Most surgeons are natural optimists. This is a commonly held stereotype I find to be true. They are being sincere. They may not know much about lymphedema either. Mine didn't anyway.
My surgeon said I wouldn't get lymphedema before the surgery. A couple weeks after my surgery he told me if I didn't have signs of it by then I was in the clear. He was wrong. I did get it. I worked closely with a lymphedema therapist for a while and have it well under control. I wear a sleeve/glove when exercising. The strategy is to exercise your arm, very gradually at first, to train the remaining lymph nodes to pick up the slack. Get yourself to a physical therapist who is knowledgeable about lymphedema as soon as your surgeon allows after surgery.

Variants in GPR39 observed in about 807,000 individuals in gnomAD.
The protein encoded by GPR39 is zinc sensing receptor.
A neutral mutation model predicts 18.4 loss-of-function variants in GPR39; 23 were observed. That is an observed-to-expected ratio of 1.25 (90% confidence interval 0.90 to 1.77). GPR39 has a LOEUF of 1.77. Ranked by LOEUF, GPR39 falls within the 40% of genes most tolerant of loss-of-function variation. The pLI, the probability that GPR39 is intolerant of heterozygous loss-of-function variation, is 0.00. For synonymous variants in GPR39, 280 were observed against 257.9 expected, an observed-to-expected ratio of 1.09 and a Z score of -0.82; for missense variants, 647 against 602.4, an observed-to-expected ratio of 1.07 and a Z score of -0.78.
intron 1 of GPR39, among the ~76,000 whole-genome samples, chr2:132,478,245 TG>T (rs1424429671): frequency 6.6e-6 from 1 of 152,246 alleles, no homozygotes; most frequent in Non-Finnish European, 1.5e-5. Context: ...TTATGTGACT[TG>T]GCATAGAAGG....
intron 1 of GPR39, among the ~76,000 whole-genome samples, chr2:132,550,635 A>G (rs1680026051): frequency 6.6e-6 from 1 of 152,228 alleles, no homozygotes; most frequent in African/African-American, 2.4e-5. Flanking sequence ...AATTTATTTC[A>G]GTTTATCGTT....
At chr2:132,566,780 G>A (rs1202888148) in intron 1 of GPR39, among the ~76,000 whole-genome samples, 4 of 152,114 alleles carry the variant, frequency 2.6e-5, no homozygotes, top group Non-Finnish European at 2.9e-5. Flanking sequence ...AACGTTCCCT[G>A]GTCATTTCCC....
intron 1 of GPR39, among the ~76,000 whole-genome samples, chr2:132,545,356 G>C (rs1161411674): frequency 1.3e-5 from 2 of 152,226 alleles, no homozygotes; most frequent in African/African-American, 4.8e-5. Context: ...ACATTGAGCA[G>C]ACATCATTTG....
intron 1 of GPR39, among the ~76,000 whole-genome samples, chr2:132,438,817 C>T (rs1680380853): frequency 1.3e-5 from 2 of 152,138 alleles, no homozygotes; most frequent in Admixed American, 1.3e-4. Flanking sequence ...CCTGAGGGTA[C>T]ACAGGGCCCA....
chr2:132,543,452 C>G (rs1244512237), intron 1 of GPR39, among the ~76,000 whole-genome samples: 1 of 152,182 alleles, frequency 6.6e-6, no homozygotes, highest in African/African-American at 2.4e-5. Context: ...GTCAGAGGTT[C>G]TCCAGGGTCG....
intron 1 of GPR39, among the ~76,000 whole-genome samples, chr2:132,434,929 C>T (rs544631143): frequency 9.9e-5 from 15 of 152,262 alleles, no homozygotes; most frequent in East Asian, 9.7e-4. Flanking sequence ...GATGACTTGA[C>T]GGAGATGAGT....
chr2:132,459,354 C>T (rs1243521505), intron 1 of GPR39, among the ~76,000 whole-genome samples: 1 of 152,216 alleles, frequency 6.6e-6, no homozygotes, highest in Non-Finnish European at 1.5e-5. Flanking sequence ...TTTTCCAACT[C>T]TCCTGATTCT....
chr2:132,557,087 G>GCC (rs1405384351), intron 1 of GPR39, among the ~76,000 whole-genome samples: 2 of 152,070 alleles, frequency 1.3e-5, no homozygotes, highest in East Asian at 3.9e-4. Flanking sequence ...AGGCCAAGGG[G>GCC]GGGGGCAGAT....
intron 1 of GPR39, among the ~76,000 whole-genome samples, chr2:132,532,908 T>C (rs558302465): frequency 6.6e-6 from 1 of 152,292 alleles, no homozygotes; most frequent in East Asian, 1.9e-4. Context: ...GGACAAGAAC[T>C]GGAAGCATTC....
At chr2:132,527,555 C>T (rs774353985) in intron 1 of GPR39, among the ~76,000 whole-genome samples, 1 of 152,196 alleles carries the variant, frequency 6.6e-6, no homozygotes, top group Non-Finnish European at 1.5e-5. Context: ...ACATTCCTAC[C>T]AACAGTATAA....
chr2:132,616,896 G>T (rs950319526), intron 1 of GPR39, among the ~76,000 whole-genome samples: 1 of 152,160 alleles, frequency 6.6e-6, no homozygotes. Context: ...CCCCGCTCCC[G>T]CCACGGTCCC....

The fact of the matter is you don't really have a choice: You need to have lymph nodes removed. If you leave the cancerous lymph nodes alone you will have far worse problems than lymphedema. I'm sorry. I, too, greatly feared lymphedema. I found it's manageable. You may have to deal with it, or you may not. Either way, it doesn't change the type of surgery you need.